The International Energy Agency may not have a solution but no one can accuse them of no longer understanding the gravity of the problem.
In their June report, the IEA warned that unless OPEC could increase production by at least 1.5 million barrels a day, world oil demand is going to surpass available supply during the second half of the year.
It means if there is not enough supply to match the 89 million barrels of oil the global economy is expected to burn every day, world oil prices have only one direction to go.
With no obvious end in sight to the Libyan conflict, and sectarian violence against oil fields and refineries suddenly on the rise in Iraq ahead of the scheduled U.S. troop withdrawal, the prospects are not promising for OPEC to increase supplies. This is even more evident given the region's largest producer, Saudi Arabia, has little more to offer other than unwanted sour, heavy oil to add to the global supply mix.
At the same time, emerging power shortages sweeping across Asia will boost oil demand even when most major Asian economies are slowing, including the continent's largest two economies, China and Japan. While an economic slowdown normally tames oil demand, both countries now face acute power shortages that will compel them to burn more diesel fuel to compensate for reductions in other forms of power generation.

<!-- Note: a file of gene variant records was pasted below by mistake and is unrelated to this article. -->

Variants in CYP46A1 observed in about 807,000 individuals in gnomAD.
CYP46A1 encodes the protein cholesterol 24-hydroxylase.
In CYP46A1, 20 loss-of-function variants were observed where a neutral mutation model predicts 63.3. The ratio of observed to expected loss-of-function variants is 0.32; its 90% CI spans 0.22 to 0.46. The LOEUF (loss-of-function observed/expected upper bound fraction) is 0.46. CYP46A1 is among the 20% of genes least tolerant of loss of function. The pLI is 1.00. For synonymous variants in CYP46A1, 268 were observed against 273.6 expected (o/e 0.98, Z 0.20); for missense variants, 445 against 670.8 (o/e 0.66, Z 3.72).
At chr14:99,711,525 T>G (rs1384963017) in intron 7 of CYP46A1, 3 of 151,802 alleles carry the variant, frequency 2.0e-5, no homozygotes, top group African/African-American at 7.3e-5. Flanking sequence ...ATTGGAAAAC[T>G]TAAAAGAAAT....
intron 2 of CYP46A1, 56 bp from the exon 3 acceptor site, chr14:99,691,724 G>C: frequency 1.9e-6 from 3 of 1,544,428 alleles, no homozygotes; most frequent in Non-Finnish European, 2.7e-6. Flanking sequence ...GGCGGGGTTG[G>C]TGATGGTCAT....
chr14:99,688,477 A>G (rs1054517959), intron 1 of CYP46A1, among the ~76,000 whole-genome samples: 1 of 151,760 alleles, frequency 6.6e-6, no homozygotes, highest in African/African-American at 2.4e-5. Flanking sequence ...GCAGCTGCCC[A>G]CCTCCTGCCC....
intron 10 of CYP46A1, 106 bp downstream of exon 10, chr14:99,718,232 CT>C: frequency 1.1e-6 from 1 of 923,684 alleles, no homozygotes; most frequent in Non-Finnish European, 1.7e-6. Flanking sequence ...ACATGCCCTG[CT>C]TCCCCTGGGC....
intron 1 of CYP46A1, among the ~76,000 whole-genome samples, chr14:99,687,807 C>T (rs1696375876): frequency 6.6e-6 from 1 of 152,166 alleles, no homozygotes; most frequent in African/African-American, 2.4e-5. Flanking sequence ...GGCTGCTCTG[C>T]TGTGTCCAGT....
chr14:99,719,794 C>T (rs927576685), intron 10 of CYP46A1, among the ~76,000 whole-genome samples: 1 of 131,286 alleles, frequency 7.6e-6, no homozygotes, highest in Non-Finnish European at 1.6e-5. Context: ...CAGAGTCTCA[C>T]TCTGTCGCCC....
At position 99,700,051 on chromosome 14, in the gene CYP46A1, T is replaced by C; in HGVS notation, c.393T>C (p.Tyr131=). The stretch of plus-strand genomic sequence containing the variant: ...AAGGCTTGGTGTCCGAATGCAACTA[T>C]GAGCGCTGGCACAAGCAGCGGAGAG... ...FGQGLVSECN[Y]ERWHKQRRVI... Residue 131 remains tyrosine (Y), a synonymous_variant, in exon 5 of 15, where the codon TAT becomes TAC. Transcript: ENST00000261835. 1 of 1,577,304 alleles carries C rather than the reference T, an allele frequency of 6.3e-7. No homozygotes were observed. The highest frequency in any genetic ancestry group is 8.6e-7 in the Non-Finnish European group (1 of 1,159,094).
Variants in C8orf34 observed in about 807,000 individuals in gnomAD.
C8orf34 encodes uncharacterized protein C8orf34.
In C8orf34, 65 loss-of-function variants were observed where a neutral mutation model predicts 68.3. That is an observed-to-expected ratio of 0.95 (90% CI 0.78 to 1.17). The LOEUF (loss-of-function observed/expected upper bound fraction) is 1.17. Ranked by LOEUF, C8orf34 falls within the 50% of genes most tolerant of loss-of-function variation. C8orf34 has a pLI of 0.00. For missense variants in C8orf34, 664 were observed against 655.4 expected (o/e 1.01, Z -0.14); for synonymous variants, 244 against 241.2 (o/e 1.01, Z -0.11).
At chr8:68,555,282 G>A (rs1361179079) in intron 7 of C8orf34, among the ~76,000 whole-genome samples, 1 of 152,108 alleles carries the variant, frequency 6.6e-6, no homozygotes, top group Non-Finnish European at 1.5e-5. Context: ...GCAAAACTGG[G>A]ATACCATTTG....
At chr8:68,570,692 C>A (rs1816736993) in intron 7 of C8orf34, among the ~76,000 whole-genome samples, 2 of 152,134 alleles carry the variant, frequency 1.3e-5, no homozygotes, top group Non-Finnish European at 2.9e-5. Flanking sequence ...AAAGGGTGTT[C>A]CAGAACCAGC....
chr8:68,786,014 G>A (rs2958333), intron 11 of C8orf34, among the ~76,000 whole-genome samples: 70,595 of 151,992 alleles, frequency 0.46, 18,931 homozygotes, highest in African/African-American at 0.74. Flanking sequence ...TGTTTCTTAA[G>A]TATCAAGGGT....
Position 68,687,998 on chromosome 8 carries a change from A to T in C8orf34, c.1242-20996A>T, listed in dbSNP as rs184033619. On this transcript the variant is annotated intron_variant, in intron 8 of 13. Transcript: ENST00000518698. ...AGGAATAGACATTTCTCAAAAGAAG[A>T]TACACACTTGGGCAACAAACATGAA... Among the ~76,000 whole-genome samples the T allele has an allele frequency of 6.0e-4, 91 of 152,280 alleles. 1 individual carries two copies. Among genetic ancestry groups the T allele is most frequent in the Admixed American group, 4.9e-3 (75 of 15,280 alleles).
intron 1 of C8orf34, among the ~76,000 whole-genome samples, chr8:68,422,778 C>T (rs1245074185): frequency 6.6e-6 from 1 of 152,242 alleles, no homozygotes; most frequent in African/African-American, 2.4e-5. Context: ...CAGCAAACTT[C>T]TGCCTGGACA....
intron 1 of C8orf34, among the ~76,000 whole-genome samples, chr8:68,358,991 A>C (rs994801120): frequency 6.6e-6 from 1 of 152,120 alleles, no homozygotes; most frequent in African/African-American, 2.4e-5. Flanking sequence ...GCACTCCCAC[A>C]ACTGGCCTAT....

In China, widespread drought earlier in the year has constrained hydroelectric power, while nearly two-thirds of Japan's nuclear power plants are currently, and for the foreseeable future, off-line, boosting that country's appetite for diesel by hundreds of thousands of barrels a day.
With Brent crude prices having crossed into triple-digit territory since the beginning of the year, fuel and power shortages are popping up around the world with increasing frequency. And they are beginning to exact a heavy economic toll.
In Pakistan, power shortages have ground the economy to a literal halt. Meanwhile, Japanese companies have already been ordered to cut back their power consumption by 15 per cent this summer. And China is bracing itself for the worst power shortages since 2004, which triggered widespread economic disruption.
With the prospect of even a tighter oil market over the balance of the year, the IEA is warning motorists in member countries to get ready to pay more at the pumps. And the IEA has already suggested it might release additional oil from its strategic reserves to moderate further price increases.
But considering the recent release of 60 million barrels from member countries' strategic stockpiles could barely hold down Brent world oil prices for more than a week, the IEA may have to come up with something a little more substantial the next time than the fuel equivalent for another 16 hours of world oil demand.